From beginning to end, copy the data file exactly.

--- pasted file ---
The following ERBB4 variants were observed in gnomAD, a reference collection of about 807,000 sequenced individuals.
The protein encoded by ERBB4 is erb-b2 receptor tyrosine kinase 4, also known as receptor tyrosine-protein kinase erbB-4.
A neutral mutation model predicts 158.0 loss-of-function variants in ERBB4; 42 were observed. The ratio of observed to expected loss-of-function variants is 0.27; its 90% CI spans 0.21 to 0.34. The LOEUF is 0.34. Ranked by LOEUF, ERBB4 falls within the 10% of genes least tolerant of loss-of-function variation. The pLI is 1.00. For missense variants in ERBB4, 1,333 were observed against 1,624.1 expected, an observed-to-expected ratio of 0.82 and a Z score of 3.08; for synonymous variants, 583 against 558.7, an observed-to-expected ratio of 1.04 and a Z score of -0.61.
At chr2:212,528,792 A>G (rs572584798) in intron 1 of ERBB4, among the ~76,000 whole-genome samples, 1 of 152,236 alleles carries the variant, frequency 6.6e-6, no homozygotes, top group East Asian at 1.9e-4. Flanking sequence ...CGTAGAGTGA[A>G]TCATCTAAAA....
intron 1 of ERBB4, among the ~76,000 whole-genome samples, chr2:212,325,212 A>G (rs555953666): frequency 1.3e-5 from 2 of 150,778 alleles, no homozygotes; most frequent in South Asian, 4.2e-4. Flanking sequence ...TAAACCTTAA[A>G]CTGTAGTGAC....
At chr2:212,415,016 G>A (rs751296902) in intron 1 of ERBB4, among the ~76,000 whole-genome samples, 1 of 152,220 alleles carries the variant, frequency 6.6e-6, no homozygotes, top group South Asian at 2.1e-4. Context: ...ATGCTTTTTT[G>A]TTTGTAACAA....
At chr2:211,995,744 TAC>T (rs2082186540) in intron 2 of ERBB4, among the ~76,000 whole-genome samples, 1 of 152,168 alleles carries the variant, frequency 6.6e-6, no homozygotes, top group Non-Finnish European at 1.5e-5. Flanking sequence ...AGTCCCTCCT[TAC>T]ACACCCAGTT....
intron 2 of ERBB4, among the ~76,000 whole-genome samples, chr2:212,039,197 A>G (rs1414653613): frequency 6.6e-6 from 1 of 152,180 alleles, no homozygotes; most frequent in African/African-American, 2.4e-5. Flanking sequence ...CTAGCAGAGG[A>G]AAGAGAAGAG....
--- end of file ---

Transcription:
The following ERBB4 variants were observed in gnomAD, a reference collection of about 807,000 sequenced individuals.
The protein encoded by ERBB4 is erb-b2 receptor tyrosine kinase 4, also known as receptor tyrosine-protein kinase erbB-4.
A neutral mutation model predicts 158.0 loss-of-function variants in ERBB4; 42 were observed. The ratio of observed to expected loss-of-function variants is 0.27; its 90% CI spans 0.21 to 0.34. The LOEUF is 0.34. Ranked by LOEUF, ERBB4 falls within the 10% of genes least tolerant of loss-of-function variation. The pLI is 1.00. For missense variants in ERBB4, 1,333 were observed against 1,624.1 expected, an observed-to-expected ratio of 0.82 and a Z score of 3.08; for synonymous variants, 583 against 558.7, an observed-to-expected ratio of 1.04 and a Z score of -0.61.
At chr2:212,528,792 A>G (rs572584798) in intron 1 of ERBB4, among the ~76,000 whole-genome samples, 1 of 152,236 alleles carries the variant, frequency 6.6e-6, no homozygotes, top group East Asian at 1.9e-4. Flanking sequence ...CGTAGAGTGA[A>G]TCATCTAAAA....
intron 1 of ERBB4, among the ~76,000 whole-genome samples, chr2:212,325,212 A>G (rs555953666): frequency 1.3e-5 from 2 of 150,778 alleles, no homozygotes; most frequent in South Asian, 4.2e-4. Flanking sequence ...TAAACCTTAA[A>G]CTGTAGTGAC....
At chr2:212,415,016 G>A (rs751296902) in intron 1 of ERBB4, among the ~76,000 whole-genome samples, 1 of 152,220 alleles carries the variant, frequency 6.6e-6, no homozygotes, top group South Asian at 2.1e-4. Context: ...ATGCTTTTTT[G>A]TTTGTAACAA....
At chr2:211,995,744 TAC>T (rs2082186540) in intron 2 of ERBB4, among the ~76,000 whole-genome samples, 1 of 152,168 alleles carries the variant, frequency 6.6e-6, no homozygotes, top group Non-Finnish European at 1.5e-5. Flanking sequence ...AGTCCCTCCT[TAC>T]ACACCCAGTT....
intron 2 of ERBB4, among the ~76,000 whole-genome samples, chr2:212,039,197 A>G (rs1414653613): frequency 6.6e-6 from 1 of 152,180 alleles, no homozygotes; most frequent in African/African-American, 2.4e-5. Flanking sequence ...CTAGCAGAGG[A>G]AAGAGAAGAG....